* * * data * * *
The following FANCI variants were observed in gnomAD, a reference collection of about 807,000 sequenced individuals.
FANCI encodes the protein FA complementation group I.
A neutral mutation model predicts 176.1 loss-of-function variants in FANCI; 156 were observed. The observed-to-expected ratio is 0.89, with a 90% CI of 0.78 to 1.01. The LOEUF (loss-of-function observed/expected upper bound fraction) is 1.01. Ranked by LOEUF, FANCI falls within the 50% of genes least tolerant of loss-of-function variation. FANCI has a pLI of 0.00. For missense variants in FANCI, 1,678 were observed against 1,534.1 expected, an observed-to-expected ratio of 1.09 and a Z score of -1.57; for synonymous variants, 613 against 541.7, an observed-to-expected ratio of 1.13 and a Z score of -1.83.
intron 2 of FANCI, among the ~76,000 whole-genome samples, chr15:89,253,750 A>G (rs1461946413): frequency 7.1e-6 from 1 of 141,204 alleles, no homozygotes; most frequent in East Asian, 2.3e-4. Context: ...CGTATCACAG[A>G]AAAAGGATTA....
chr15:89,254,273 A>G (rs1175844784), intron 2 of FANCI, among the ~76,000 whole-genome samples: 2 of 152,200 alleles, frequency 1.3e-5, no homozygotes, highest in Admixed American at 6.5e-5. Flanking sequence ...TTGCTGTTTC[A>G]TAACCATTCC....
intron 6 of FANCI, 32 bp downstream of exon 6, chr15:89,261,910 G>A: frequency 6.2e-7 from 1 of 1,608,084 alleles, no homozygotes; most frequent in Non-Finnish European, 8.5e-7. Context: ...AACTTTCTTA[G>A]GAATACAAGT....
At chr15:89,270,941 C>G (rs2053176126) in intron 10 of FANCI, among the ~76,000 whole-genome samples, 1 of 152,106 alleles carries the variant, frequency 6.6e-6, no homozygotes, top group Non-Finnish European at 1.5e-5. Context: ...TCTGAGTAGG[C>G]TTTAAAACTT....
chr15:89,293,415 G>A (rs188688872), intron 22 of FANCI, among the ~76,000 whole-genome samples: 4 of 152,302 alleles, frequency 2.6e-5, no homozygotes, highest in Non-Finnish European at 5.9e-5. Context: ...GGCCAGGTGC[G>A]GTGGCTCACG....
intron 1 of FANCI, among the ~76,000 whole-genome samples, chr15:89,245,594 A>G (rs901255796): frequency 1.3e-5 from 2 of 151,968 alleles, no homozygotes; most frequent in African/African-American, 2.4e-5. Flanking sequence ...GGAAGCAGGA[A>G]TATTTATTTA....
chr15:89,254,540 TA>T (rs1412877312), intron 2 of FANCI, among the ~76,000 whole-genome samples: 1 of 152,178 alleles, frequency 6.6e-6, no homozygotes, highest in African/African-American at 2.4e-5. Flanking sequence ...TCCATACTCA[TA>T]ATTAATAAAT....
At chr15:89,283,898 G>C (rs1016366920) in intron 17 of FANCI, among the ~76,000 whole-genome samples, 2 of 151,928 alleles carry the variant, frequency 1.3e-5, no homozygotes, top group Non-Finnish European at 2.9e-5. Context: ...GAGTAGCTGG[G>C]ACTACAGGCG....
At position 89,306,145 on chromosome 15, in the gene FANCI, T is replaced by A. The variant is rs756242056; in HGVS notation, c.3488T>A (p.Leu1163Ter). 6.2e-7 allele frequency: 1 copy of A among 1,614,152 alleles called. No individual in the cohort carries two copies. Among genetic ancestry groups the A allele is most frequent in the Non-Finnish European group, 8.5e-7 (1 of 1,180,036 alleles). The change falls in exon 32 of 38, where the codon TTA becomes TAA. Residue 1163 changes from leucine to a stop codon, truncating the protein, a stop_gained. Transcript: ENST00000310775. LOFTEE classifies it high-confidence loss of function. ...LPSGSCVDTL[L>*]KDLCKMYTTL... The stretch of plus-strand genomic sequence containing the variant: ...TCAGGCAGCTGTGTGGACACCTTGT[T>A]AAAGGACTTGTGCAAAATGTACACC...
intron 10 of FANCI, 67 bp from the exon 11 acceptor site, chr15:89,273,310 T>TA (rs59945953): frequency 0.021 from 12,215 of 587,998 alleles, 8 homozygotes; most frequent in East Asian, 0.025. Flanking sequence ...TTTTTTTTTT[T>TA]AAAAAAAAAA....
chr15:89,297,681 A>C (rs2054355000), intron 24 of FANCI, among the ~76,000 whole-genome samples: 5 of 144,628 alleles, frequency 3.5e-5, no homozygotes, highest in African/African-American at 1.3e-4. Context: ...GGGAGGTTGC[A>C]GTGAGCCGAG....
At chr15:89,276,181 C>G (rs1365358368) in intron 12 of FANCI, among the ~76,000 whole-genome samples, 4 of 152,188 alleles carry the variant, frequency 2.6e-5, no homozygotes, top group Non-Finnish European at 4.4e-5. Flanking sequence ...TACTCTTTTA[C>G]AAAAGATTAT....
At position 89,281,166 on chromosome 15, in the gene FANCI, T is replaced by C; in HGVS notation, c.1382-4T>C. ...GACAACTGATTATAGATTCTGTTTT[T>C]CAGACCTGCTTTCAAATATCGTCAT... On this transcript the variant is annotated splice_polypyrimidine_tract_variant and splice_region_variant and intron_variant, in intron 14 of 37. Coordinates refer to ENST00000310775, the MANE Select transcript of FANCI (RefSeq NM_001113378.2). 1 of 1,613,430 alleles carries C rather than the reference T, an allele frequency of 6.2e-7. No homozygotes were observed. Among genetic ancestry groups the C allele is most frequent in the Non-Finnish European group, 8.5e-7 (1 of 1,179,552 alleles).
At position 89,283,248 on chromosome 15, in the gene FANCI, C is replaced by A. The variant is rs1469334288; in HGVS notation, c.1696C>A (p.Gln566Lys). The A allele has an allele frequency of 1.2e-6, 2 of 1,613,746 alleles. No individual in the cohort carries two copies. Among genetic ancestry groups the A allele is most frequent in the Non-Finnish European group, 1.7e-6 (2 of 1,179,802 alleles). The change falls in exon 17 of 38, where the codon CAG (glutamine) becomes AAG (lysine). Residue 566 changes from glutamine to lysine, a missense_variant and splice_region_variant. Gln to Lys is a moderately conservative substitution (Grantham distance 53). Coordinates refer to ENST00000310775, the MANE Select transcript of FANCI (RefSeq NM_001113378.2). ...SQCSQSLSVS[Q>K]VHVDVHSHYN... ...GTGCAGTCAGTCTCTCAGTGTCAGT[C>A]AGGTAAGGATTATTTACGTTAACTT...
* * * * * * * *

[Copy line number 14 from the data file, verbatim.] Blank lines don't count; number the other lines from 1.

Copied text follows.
chr15:89,297,681 A>C (rs2054355000), intron 24 of FANCI, among the ~76,000 whole-genome samples: 5 of 144,628 alleles, frequency 3.5e-5, no homozygotes, highest in African/African-American at 1.3e-4. Context: ...GGGAGGTTGC[A>C]GTGAGCCGAG....